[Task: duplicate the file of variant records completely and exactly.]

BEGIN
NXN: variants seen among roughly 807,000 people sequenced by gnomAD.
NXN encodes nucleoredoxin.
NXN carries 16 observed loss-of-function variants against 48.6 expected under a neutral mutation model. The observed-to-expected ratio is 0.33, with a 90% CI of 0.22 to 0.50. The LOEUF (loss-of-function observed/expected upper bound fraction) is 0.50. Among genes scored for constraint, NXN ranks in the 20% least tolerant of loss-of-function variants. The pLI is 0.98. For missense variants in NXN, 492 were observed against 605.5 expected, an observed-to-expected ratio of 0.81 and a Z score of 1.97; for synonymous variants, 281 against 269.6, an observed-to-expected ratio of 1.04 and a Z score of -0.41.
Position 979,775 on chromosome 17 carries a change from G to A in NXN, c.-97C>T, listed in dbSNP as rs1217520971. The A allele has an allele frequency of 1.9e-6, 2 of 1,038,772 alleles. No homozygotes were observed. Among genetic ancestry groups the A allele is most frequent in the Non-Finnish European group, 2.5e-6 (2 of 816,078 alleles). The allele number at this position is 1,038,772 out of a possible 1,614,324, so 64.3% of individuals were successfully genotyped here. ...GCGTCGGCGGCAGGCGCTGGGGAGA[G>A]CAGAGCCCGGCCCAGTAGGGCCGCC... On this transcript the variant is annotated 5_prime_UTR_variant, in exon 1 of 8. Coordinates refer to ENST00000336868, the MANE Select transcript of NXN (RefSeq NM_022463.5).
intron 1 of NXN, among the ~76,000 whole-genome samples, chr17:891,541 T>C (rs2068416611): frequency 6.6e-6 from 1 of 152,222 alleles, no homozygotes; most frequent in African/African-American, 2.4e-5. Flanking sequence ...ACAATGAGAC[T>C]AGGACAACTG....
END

NXN: variants seen among roughly 807,000 people sequenced by gnomAD.
NXN encodes nucleoredoxin.
NXN carries 16 observed loss-of-function variants against 48.6 expected under a neutral mutation model. The observed-to-expected ratio is 0.33, with a 90% CI of 0.22 to 0.50. The LOEUF (loss-of-function observed/expected upper bound fraction) is 0.50. Among genes scored for constraint, NXN ranks in the 20% least tolerant of loss-of-function variants. The pLI is 0.98. For missense variants in NXN, 492 were observed against 605.5 expected, an observed-to-expected ratio of 0.81 and a Z score of 1.97; for synonymous variants, 281 against 269.6, an observed-to-expected ratio of 1.04 and a Z score of -0.41.
Position 979,775 on chromosome 17 carries a change from G to A in NXN, c.-97C>T, listed in dbSNP as rs1217520971. The A allele has an allele frequency of 1.9e-6, 2 of 1,038,772 alleles. No homozygotes were observed. Among genetic ancestry groups the A allele is most frequent in the Non-Finnish European group, 2.5e-6 (2 of 816,078 alleles). The allele number at this position is 1,038,772 out of a possible 1,614,324, so 64.3% of individuals were successfully genotyped here. ...GCGTCGGCGGCAGGCGCTGGGGAGA[G>A]CAGAGCCCGGCCCAGTAGGGCCGCC... On this transcript the variant is annotated 5_prime_UTR_variant, in exon 1 of 8. Coordinates refer to ENST00000336868, the MANE Select transcript of NXN (RefSeq NM_022463.5).
intron 1 of NXN, among the ~76,000 whole-genome samples, chr17:891,541 T>C (rs2068416611): frequency 6.6e-6 from 1 of 152,222 alleles, no homozygotes; most frequent in African/African-American, 2.4e-5. Flanking sequence ...ACAATGAGAC[T>C]AGGACAACTG....